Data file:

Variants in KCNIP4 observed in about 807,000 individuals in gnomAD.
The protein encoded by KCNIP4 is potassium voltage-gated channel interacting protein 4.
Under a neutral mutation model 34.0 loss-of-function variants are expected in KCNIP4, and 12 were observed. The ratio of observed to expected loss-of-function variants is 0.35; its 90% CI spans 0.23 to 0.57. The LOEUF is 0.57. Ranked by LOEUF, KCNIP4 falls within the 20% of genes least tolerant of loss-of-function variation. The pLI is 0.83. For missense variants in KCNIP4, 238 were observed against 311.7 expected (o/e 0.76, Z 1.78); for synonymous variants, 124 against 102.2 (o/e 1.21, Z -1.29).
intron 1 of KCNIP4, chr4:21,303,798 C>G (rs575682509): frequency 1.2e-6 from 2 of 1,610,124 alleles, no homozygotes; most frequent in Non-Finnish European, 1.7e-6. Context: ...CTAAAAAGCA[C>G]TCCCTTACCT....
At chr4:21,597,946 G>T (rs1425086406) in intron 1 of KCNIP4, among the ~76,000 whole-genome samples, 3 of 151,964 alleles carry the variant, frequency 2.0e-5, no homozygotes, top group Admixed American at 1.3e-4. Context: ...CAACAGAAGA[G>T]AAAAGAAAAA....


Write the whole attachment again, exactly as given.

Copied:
Variants in KCNIP4 observed in about 807,000 individuals in gnomAD.
The protein encoded by KCNIP4 is potassium voltage-gated channel interacting protein 4.
Under a neutral mutation model 34.0 loss-of-function variants are expected in KCNIP4, and 12 were observed. The ratio of observed to expected loss-of-function variants is 0.35; its 90% CI spans 0.23 to 0.57. The LOEUF is 0.57. Ranked by LOEUF, KCNIP4 falls within the 20% of genes least tolerant of loss-of-function variation. The pLI is 0.83. For missense variants in KCNIP4, 238 were observed against 311.7 expected (o/e 0.76, Z 1.78); for synonymous variants, 124 against 102.2 (o/e 1.21, Z -1.29).
intron 1 of KCNIP4, chr4:21,303,798 C>G (rs575682509): frequency 1.2e-6 from 2 of 1,610,124 alleles, no homozygotes; most frequent in Non-Finnish European, 1.7e-6. Context: ...CTAAAAAGCA[C>G]TCCCTTACCT....
At chr4:21,597,946 G>T (rs1425086406) in intron 1 of KCNIP4, among the ~76,000 whole-genome samples, 3 of 151,964 alleles carry the variant, frequency 2.0e-5, no homozygotes, top group Admixed American at 1.3e-4. Context: ...CAACAGAAGA[G>T]AAAAGAAAAA....